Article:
Henry Wrixon of Assolas was the father of William Wrixon who married Mary Becher in 1778. Their son, William, was created a baronet in 1831 as Sir William Wrixon Becher. At the time of Griffith's Valuation a relative, John Wrixon, held land in the parishes of Kilbrin, Knocktemple and Tullylease, while Henry Wrixon held land in the parishes of Castlemagner, Clonfert, Tullylease and Knocktemple, all in the barony of Duhallow, county Cork. In June 1852 the estate of Henry Vowel Wrixon (died 1877), amounting to 603 acres at Farrankelly, Ballinla, Aughrim Upper and Lower, barony of Orrery and Kilmore, was advertised for sale. In the mid 1870s Henry Wrixon of Paris is recorded as the owner of 1,008 acres in county Cork. Part of the lands of Aughrim and houses in the city of Cork were advertised for sale in July 1864, the city premises were puchased by Messers. Howe, Goold and Baker and Dr. Edward Townsend while the lands of Aughrim were bought in trust by Mr. Swift. Further premises in Cork city were sold in 1865. In February 1854 a quarter share of the demesne and lands of Blossomfort, the estate of Edward Wrixon, were advertised for sale. Blossomfort was originally leased to John Wrixon by Bartholomew Purdon in 1721. The whole demesne amouted to 545 acres and was partitioned in 1853. John Nicholas Wrixon, H.V.Wrixon and Charles Wrixon held the other three quarters. In March 1856 the demesne of Cecilstown and Ballinamona was advertised for sale, the estate of Thomas Tangney, assignee of Henry Wrixon. The original lease "for ever" was from Henry Wrixon of Assolas to John Wrixon of Cecilstown, 10 Dec 1779. The Freeman's Journal reported that the property was purchased by Mr. Wrixon for almost £3000. An extensive family history of both the Becher and Wrixon families is given by Grove White and published in the ''Journal of the Cork Historical and Archaeological Society'' (1907) under Ballygiblin.
Mason (Cooleen & Cappanihane) -
At the time of the first Ordnance Survey Richard Mason held the townland of Cappanihane (772 acres), parish of Corcomohide, barony of Connello Upper, county Limerick. John Mason was the immediate lessor of the townland at the time of Griffith's Valuation. The 994 acre estate of John Mason, Walker Jackson Mason and Myles Jackson Mason in the barony of Connello Upper, including the houses Lisduane and Glenbrooke, was advertised for sale in January and June 1854. The rental included lithographs of both houses. Walker Jackson Mason fourth son of Richard Mason of Cappanihane died in 1882 and Mary Mason of Glenbrooke, widow of Miles Jackson Mason and fourth daughter of John Sullivan of Tullylease, county Cork, died in 1880. In the mid 19th century William Hart(e) Mason held a small estate closeby at Cooleen, parish of Bruree, barony of Coshma. In the 1870s he is recorded as owning 190 acres in the county. In 1854 he married Alice Bevan of the Camass family. In 1882 Joseph Mason died in Australia, he was a son of Joseph Mason of Cooleen and a grandson of Sir Richard Harte of Coolrus, county Limerick.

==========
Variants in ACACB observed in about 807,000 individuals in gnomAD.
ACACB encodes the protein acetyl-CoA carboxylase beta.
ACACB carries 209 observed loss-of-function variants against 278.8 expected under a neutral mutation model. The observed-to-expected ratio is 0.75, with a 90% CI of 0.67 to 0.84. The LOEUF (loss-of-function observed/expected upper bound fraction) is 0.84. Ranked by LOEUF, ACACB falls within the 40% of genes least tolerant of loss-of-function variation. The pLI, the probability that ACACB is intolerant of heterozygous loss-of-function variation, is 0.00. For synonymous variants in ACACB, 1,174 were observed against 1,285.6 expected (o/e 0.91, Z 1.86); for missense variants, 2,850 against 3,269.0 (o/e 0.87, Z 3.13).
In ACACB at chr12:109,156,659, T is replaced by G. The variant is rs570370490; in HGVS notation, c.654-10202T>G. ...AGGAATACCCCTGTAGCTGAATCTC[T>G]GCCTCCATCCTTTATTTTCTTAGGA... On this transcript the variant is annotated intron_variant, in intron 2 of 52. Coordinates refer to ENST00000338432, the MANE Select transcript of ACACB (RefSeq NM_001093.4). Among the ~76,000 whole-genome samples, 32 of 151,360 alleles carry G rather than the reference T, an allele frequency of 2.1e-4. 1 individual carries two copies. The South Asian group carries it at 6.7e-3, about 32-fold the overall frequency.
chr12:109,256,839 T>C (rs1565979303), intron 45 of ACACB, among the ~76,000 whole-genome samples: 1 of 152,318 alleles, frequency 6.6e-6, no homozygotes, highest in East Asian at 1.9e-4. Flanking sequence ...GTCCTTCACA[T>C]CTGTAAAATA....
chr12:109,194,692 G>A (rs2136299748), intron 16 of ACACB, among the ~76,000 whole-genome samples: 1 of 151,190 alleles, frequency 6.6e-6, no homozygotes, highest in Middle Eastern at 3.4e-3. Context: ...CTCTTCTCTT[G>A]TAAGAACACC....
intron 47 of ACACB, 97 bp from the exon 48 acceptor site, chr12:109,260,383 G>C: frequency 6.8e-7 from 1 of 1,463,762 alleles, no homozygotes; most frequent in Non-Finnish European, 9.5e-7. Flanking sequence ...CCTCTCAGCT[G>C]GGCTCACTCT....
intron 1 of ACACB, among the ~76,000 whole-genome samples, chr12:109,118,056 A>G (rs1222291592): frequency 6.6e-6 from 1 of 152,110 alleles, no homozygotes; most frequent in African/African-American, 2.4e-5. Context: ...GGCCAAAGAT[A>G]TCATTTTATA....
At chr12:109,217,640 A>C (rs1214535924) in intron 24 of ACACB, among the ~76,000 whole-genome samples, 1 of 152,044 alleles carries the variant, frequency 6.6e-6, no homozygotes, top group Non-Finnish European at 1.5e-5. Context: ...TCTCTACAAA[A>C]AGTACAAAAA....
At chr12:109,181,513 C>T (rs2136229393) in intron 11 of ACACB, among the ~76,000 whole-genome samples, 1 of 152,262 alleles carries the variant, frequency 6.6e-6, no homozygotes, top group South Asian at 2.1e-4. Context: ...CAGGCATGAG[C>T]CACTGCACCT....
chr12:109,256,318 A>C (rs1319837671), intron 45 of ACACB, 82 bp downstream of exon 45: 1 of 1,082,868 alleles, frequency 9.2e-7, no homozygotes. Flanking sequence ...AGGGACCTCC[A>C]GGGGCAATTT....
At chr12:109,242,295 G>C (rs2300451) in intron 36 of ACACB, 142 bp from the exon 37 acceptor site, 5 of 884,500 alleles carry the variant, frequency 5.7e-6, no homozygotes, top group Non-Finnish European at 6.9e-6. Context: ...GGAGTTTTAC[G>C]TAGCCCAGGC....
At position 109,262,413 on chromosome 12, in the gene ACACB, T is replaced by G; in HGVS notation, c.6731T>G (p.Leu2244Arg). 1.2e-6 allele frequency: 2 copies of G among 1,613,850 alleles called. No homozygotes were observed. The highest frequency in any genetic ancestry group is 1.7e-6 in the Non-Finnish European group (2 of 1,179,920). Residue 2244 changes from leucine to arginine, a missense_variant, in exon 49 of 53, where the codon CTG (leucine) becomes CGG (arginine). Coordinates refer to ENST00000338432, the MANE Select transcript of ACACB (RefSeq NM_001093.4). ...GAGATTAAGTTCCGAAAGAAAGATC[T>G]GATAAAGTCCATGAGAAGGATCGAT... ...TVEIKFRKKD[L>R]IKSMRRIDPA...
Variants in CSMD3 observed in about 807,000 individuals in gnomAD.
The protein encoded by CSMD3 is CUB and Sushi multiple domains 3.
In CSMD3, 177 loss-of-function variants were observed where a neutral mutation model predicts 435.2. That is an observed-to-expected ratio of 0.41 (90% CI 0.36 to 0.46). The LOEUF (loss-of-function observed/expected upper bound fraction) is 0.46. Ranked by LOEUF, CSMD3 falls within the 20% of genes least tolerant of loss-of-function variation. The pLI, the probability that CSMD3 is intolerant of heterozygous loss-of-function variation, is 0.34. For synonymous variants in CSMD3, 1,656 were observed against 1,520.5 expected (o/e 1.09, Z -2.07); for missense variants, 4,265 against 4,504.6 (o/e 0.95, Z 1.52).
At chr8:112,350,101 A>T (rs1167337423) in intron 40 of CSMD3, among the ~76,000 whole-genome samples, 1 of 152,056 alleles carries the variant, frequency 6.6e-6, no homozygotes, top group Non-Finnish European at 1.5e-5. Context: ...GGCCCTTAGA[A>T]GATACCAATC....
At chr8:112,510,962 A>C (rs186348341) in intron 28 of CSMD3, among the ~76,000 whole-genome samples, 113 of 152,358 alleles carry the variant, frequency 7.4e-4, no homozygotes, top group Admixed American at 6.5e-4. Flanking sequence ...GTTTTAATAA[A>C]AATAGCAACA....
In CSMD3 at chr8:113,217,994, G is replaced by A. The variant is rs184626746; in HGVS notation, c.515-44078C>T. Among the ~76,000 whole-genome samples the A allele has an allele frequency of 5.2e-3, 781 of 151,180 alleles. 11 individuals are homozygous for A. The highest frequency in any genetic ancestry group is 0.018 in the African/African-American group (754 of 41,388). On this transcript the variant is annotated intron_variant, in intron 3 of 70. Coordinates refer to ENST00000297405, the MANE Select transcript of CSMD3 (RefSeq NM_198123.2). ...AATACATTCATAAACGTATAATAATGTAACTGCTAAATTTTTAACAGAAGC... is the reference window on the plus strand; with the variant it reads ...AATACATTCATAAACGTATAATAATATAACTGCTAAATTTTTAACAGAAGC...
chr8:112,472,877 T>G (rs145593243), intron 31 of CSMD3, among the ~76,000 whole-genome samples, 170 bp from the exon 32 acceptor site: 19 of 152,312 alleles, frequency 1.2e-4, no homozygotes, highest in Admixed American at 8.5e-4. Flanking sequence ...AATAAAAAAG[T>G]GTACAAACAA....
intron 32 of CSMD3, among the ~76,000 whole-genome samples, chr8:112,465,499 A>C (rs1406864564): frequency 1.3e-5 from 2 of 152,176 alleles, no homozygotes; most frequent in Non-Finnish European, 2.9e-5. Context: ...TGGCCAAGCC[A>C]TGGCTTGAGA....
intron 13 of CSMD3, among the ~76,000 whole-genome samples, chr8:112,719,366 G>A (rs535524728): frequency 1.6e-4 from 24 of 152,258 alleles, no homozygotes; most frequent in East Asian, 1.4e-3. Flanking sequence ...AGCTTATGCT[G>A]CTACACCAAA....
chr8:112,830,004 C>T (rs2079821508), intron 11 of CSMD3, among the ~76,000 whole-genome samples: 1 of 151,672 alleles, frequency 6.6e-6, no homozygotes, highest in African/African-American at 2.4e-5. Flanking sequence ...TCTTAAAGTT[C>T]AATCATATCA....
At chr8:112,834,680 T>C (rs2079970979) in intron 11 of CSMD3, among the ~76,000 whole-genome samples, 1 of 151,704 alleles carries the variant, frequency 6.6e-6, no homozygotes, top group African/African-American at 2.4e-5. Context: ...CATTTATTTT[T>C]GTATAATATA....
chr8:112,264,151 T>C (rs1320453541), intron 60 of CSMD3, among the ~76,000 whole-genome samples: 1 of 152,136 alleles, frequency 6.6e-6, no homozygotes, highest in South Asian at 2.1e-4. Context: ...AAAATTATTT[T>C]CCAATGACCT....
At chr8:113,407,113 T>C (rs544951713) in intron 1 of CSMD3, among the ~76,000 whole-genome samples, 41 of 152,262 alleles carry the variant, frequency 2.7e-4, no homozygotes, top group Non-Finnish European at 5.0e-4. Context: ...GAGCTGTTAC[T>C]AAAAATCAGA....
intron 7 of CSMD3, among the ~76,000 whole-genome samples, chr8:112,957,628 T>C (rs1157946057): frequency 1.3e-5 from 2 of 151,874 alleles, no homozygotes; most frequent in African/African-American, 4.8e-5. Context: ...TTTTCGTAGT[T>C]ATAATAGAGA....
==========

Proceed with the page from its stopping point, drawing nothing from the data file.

Allen (Clashanure & Liscongill) -
The Allens were Elizabethan settlers in county Cork. Richard Allen was established at Greenfield, parish of Clonfert, barony of Duhallow, by the beginning of the 18th century. At the time of Griffith's Valuation his descendant, William Allen of Liscongill, held an estate in the parishes of Clonfert and Tullylease, barony of Duhallow. John Allen and others were among the principal lessors in the parish of Kilfaughnabeg, barony of East Carbery, at the same time. Some of William's family settled in Natal in the late 19th century. Richard's younger brother, Kyrle, married Susanna, daughter and heiress of Joshua Dowe of Coolroe, Ballincollig and Clashenure, Ovens, county Cork. Their descendants are still living at Clashenure. At the time of Griffith's Valuation the representatives of Kyrle Allen held land in the parish of Athnowen. Through the 1867 marriage of Alfred William Allen and Sarah Jane Philpot, the Philpot property of Mount Zephyr, Cullen, Millstreet, county Cork passed to the Allens. In November 1869 the estate of William Cocks Allen at Rowls Allen, barony of Duhallow, was advertised for sale. It was held under a lease dated 1758, Boyle Aldworth to Philip Allen for three lives renewable for ever. Property owned by William Allen was sold in the Landed Estates Court in November 1870. The purchasers were Messers. O'Callaghan and Murphy. In the 1870s Kyrle Allen of Clashanure owned 562 acres in county Cork. Other Allen family members owned similar acreages including the Reverend James Allen of Creagh, Skibbereen, (Liscongill family) 404 acres.
Gibbings (Gibbings Grove) -